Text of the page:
Having been raised by herbal medicine fiends, my roommate is all about energy. His wide blue-gray eyes—forceful and penetrating even in his calmest moments—pair with his always-confident tone of voice to deservingly earn him the descriptor intense. He emits urgency and definitiveness with his every expression, yet he’s not a machine. He speaks of dispositions as vibes and preaches the law of attraction: if you feel it, then it—whatever it is—will come to you. He asserts that the friends, strangers, and opportunities ebbing and flowing in and out of his life have been willed to their tidal patterns. He believes that his positivity and optimism—no matter how unbelievable (“In ten years, I’ll be rolling in cash”), generalized (“Life is beautiful, isn’t it?”), or inappropriate for public utterance (“God, breasts are amazing things”)—bring him equal or more volumes of happiness in return. Vibing, for him, is much more powerful than thinking.

I make fun of him all the time. He is a wannabe-grunge-rock-turned-alternative-yuppie Jesus, certain of everything he suggests based on faith and feeling rather than proof; I, on the other hand, the ever-questioning devil’s advocate, slam into his seemingly hashish-brewed contentions with my rigid philosophy of proactive work as the recipe for personal fulfillment. I believe that my carefully thought-out actions take me to where I want to go, so that my life, in the end, is a purposeful climb to contentment.

Recently, though, I’ve been learning that even my most meticulous plans have their limitations. My initial Perfect Mate checklist, for example, missed a less-concrete and thus oft-ignored prerequisite for perfection: a spark. It was my discovery of this missing piece that ended any sort of dating future with Houston, an intelligent architect and otherwise prime candidate for romance, after just two dates.

Another drawback to being so logical: in the midst of driving towards a conclusion about a date, it’s easy to forget that other people have checklists too; while he may be a solid fit to your specially-created profile, there is no guarantee that you will match well with his.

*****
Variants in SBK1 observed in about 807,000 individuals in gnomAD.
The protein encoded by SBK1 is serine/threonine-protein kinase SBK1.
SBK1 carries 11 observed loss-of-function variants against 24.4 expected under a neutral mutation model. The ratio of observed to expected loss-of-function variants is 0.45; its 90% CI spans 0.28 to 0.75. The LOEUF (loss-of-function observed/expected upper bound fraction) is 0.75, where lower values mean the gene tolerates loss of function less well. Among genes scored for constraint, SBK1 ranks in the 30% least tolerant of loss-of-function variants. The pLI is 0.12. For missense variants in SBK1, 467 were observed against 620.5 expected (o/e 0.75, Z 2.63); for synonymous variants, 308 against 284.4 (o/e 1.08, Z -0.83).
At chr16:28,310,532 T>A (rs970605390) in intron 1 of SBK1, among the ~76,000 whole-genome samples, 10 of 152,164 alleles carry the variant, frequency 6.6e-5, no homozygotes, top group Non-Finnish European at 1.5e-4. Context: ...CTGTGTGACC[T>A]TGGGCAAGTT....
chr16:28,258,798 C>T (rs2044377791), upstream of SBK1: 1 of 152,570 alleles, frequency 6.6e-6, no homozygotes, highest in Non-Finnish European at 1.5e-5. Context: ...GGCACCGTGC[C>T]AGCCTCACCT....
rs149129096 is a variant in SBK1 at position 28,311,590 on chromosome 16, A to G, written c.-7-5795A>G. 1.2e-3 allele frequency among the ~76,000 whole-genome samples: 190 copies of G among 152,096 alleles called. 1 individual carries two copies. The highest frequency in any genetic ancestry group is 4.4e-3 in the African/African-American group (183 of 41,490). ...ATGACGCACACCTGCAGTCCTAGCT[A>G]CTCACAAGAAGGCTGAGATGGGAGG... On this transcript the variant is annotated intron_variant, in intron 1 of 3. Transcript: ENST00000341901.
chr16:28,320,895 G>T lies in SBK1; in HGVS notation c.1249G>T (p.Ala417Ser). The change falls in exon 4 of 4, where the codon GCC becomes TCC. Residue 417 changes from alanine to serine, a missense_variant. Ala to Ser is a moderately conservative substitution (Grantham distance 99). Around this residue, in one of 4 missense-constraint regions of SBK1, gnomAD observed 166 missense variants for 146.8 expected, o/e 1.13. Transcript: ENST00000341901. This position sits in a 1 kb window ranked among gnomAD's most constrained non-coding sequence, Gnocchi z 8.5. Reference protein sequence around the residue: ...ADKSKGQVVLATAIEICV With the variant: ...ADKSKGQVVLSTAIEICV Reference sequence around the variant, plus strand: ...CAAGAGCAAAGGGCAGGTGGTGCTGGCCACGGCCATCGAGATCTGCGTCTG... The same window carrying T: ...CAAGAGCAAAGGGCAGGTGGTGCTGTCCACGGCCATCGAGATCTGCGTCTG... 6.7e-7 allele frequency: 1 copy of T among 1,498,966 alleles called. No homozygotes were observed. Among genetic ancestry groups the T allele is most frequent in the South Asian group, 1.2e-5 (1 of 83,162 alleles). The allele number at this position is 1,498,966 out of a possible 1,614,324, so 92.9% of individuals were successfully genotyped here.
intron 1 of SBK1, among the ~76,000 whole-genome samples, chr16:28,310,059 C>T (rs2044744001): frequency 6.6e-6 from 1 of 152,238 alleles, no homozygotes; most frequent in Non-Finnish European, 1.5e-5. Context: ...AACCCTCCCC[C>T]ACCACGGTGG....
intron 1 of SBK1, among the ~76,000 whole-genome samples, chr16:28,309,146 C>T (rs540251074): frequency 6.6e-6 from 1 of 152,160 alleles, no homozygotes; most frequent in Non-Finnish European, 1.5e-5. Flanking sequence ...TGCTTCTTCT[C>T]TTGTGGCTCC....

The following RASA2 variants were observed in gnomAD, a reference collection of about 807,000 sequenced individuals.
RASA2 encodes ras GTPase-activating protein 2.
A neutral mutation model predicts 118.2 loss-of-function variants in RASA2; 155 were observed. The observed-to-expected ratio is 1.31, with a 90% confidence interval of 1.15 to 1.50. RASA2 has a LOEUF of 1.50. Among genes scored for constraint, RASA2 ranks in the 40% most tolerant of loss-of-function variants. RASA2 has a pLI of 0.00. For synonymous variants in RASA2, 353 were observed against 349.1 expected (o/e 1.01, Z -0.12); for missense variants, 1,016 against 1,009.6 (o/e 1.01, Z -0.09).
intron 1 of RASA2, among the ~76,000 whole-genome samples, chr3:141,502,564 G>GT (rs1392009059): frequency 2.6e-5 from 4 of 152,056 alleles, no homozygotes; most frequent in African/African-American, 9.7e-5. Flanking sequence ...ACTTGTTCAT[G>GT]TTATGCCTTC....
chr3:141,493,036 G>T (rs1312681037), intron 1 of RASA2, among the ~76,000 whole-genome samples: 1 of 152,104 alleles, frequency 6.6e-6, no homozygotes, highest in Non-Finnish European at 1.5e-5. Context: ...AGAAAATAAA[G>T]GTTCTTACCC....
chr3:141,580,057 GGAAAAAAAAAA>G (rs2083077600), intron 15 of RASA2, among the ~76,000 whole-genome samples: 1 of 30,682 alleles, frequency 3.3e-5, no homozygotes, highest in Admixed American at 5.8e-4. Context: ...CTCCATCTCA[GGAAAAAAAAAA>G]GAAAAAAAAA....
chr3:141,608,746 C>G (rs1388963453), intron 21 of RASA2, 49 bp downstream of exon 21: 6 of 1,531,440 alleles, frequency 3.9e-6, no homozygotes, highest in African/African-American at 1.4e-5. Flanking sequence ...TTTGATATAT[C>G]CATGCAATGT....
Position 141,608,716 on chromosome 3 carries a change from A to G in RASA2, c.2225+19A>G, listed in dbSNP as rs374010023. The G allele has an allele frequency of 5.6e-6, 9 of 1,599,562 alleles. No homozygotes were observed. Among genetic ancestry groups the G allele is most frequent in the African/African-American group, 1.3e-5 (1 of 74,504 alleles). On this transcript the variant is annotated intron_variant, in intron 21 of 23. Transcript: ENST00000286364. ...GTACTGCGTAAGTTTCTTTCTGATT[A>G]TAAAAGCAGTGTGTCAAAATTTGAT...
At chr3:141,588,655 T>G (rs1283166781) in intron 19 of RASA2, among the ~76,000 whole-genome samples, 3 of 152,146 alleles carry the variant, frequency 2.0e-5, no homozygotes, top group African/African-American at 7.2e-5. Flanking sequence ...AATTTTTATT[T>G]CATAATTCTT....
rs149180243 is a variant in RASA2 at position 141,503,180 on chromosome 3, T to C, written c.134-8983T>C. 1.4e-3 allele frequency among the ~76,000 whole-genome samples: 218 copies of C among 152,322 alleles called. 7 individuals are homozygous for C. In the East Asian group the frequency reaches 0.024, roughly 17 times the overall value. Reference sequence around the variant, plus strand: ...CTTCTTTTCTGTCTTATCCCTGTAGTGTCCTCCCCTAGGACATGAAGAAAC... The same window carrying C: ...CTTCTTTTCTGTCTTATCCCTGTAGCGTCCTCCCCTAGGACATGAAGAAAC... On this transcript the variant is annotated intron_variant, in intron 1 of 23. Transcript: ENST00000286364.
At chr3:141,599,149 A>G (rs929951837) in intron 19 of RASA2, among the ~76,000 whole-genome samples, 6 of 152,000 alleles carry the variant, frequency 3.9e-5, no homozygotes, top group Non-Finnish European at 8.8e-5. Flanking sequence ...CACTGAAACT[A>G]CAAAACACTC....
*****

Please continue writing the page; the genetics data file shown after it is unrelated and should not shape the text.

Indeed, just after my disappointingly dull second escapade with Houston, I met Jade, a 28-year-old doctor finishing his residency before taking aim at public health policy. Like Houston, our first date took place at a Starbucks. Like Houston, he impressed me with his ambition, intelligence, and sociocultural awareness. Unlike Houston, who frequently monopolized conversation, he seemed to be interested in what I had to say as well. I found Jade to be a notch less cerebral and more down to earth than Mr. Architect; it seemed as though we hit it off and matched interests grandly. I thought I was well-positioned for a second date when, as he walked me to my car, he dropped one of the tightest euphemisms for let’s just be friends that I have ever heard: Did you see that guy who was handing out surveys inside? He was cute.

Pause: On a successful first date, no one can be cute except the two daters involved.

Yet on this date, he issued an aberrant assertion: Someone else—not you—is cute. I admit that, at the time, I would’ve understood that perhaps I was reading a little too much into his potentially peripheral remark. Maybe, for instance, he wanted to check out my taste in other guys; maybe he wanted to release some of the pressure associated with an evaluative date. Several days later, however, he confirmed my gut feeling with some strategically-distant, avoidant small talk, a contrast to the eager remarks I recalled from our pre-first date conversations.

Somewhere between that early enthusiasm and the Java Chip Frappucino he purchased for me, as I was busy checking things off my precious checklist, he mentally creased his own list closed and filed it for future reference, saved for the next person he hoped could offer him the spark that I could not ignite.

Twice over, it seemed as though my checklist served me little purpose: to put on paper what I already knew I wanted from others. The rationale behind pseudo-neurotic organization is not to regurgitate information; it’s to help make the rest of your life more productive. Though more active than it has ever been (thanks to my “put my man self out there” creed), my dating life has (d)evolved into no more than a yes/no, true/false binary based on traits that could be identified in seconds. I screen, test, and interview—I don’t feel. My dating system is not productive.

I think my roommate has it right. Instead of parsing situations and people as if they were debate prompts, I should concentrate on finding vibes: am I on the same wavelength as my date? For that, my brain can’t be my radar; it picks up distracting socially-constructed signals when I need to channel feeling instead. The answer seems obvious: when I’m dating, I need to ditch my mind and think with my heart. Instead of checking off boxes, I need to count the number of beats in my chest, listen to the time signature of its overly-demanded standard: excitement.

This seems right, no?

I think that’s why I’m nervous. Because last night, after talking to someone completely new for just about an hour online, I felt something in my chest I hadn’t felt in a while: the beating.

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